Firewood is a low-tech heat source, a renewable resource and, if handled correctly, a source of family fun. But it can have some challenges, too. Seasoned firewood can be expensive or unavailable when you need it, and procuring your own firewood calls for time spent splitting logs and doing it well in advance of winter so it can dry out in time.
For the last two winters, I’ve been heating my 1,400-square-foot home with free, seasoned oak that I get from stone yards, which use beefy oak pallets that hold extra-heavy loads of flagstone. I’m not talking about the common pine pallets, which are the kind you see piling up behind big-box stores. Those weigh noticeably less than oak ones and are fine for tossing into bonfires, but burning pine at home would send a lot of creosote up your chimney and perhaps lead to a chimney fire. For fireplaces and woodstoves, you want to stick with hardwoods.
If you’re concerned that the pallets might contain chemicals, rest easy. Because they don’t carry food or travel across international borders, oak pallets are simply dried in a kiln, which safely kills any pests without chemicals.
As a stonemason, I first noticed the heavy-duty oak pallets when stone yards began selling what they call stand-up flagstone. These pieces of rock are so big that if they were laid down, they would be too wide for the pallet. A normal-sized pallet only works if the flagstone stands up on end like a row of books. To do that, you need a pair of bookends to hold the flagstone upright in transit. For the whole thing to be strong enough to hold together and support the extra weight, you need oak pallets.
One day, when I had five of these oak pallets to deal with at the end of a job, I had a revelation: If I used them for firewood, I could cut my heating bill and also avoid the expense of dumping them at the landfill.
You don’t have to be a stonemason to take advantage of this free resource. Stone yards have a lot of surplus and broken oak pallets that they take to the landfill, and many of them would be happy for you to take the pallets off their hands—as long as you get permission first. Try persuading a stone yard to set their oak pallets aside until they could run a dump truck full out to your place so they could be rid of them without paying landfill fees.
Most stone yards are in rural areas, too—or at least close to one. I live in a city of 200,000 people, and there are four stone yards within a 30-minute drive that let me load used pallets into my pickup truck.
Pine pallets are light, but oak pallets are too heavy for one person to lift over the side of a truck bed, and that density indicates a lot of BTUs. Some stone yards will load the pallets for you with a forklift. In most cases, there are only two or three or four pallets available at a time, and I can stack those flat in my midsize pickup-truck bed so they won’t slide out. If there were more, I could stack them in the truck upright—again like books—and could probably get eight or nine in the truck that way.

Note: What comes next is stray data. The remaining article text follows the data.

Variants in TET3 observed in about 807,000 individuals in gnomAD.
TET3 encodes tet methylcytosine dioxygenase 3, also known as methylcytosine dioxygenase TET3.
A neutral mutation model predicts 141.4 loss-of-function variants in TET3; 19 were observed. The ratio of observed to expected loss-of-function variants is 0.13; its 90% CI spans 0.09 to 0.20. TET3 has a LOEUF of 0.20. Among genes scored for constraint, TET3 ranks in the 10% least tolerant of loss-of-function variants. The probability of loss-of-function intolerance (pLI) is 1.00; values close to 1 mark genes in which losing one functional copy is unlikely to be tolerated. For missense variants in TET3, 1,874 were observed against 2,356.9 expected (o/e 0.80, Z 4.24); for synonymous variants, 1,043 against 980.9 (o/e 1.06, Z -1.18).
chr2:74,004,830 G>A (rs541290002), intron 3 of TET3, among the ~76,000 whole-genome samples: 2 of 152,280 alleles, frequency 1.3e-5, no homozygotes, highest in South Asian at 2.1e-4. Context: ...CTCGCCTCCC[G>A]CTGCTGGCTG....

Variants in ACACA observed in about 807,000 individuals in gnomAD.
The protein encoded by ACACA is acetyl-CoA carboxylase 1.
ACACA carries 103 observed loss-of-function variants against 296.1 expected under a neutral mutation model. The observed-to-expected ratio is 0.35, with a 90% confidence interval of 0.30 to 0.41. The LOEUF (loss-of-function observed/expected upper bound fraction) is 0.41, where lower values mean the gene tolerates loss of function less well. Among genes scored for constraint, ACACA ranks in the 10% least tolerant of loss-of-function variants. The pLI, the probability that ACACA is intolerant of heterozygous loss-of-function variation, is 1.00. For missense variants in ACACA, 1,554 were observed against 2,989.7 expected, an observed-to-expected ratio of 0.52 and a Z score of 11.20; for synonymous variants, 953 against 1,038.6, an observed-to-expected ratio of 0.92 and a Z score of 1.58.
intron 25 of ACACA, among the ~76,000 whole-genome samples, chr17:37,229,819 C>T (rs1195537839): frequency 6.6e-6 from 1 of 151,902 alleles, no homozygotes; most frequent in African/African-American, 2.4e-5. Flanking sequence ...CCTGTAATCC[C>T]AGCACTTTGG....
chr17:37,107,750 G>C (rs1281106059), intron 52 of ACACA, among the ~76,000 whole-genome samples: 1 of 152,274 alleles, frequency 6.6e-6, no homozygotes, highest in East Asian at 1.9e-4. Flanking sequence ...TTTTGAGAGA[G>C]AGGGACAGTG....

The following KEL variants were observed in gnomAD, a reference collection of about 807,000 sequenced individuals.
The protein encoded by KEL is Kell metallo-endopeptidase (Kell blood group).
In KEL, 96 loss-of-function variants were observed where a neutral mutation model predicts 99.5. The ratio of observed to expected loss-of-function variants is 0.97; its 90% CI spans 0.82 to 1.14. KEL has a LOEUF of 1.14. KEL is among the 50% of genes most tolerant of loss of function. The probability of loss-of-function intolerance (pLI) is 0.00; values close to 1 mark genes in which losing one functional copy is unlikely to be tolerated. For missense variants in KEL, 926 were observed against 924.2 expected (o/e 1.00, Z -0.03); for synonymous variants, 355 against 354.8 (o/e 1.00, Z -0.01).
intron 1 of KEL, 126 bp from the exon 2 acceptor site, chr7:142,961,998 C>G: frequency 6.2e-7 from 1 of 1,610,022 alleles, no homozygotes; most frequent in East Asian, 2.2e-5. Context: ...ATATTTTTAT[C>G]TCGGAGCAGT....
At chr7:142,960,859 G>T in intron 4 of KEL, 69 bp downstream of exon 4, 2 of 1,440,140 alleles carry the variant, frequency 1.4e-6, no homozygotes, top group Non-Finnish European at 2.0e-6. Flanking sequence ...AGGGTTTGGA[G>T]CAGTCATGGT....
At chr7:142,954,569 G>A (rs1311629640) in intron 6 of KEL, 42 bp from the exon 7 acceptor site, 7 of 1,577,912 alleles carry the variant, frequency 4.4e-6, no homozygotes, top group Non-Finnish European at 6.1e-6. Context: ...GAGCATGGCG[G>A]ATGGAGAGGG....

Don’t forget the oak bookends that come with these pallets, either. I grab as many as I can and tuck them into the bed, too. When I get home, I carefully stack them so the edges are all aligned, making it easier for my chain saw to cut through the stack from top to bottom with maximum efficiency. My woodstove is big enough that I only have to cut a stack of bookends in half with one cut. Be careful cutting through the bottom bookend, though: If you hit the dirt or driveway beneath it, you’ll dull the chain. You may want to lean the last bookend against something or raise it off the ground to preserve your chain. Even if you don’t use full pallets for firewood, the bookends are a good way to go.
The pallets also go into a neat pile like the bookends, but I handle them a little differently. If the pallets are dirty, I blast the dirt off with a sweeper or jet nozzle on the end of my garden hose. It concentrates the force of the water so I can blast mud and grit off the pallets to keep the dirt from dulling my chain.
To wash them off efficiently, flip a pallet off the truck so one edge is on the ground and the other is leaning against the open tailgate and blast the exposed side free of dirt. Then, flip the pallet again so the wet side is flat on the driveway and blast the other side clean. The next pallet on the truck gets the same treatment and is flipped on top of the first pallet and so on until I have a neat pile of five or six clean pallets.